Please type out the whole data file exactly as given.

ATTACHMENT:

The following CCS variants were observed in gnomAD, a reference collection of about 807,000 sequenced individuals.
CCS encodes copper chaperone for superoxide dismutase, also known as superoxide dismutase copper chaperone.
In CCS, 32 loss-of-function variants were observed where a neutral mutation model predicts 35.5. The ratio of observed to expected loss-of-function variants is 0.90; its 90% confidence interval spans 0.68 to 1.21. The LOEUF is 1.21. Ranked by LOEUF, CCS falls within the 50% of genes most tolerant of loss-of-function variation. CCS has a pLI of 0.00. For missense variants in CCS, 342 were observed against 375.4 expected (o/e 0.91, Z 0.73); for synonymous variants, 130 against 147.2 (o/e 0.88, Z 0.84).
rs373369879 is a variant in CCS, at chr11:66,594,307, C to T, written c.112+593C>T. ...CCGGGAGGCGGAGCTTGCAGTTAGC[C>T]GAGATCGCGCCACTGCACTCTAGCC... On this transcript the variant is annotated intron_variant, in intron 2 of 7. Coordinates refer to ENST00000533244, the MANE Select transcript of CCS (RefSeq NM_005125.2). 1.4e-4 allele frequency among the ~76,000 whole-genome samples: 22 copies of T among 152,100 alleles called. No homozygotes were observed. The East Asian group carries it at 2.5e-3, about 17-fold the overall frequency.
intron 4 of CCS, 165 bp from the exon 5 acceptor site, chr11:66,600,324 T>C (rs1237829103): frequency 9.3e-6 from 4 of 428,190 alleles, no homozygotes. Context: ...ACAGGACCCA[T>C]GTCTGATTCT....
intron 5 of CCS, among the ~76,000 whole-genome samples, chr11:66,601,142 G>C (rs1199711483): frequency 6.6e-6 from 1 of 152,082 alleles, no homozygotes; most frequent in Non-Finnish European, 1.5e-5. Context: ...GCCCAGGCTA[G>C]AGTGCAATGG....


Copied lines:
The following CCS variants were observed in gnomAD, a reference collection of about 807,000 sequenced individuals.
CCS encodes copper chaperone for superoxide dismutase, also known as superoxide dismutase copper chaperone.
In CCS, 32 loss-of-function variants were observed where a neutral mutation model predicts 35.5. The ratio of observed to expected loss-of-function variants is 0.90; its 90% confidence interval spans 0.68 to 1.21. The LOEUF is 1.21. Ranked by LOEUF, CCS falls within the 50% of genes most tolerant of loss-of-function variation. CCS has a pLI of 0.00. For missense variants in CCS, 342 were observed against 375.4 expected (o/e 0.91, Z 0.73); for synonymous variants, 130 against 147.2 (o/e 0.88, Z 0.84).
rs373369879 is a variant in CCS, at chr11:66,594,307, C to T, written c.112+593C>T. ...CCGGGAGGCGGAGCTTGCAGTTAGC[C>T]GAGATCGCGCCACTGCACTCTAGCC... On this transcript the variant is annotated intron_variant, in intron 2 of 7. Coordinates refer to ENST00000533244, the MANE Select transcript of CCS (RefSeq NM_005125.2). 1.4e-4 allele frequency among the ~76,000 whole-genome samples: 22 copies of T among 152,100 alleles called. No homozygotes were observed. The East Asian group carries it at 2.5e-3, about 17-fold the overall frequency.
intron 4 of CCS, 165 bp from the exon 5 acceptor site, chr11:66,600,324 T>C (rs1237829103): frequency 9.3e-6 from 4 of 428,190 alleles, no homozygotes. Context: ...ACAGGACCCA[T>C]GTCTGATTCT....
intron 5 of CCS, among the ~76,000 whole-genome samples, chr11:66,601,142 G>C (rs1199711483): frequency 6.6e-6 from 1 of 152,082 alleles, no homozygotes; most frequent in Non-Finnish European, 1.5e-5. Context: ...GCCCAGGCTA[G>C]AGTGCAATGG....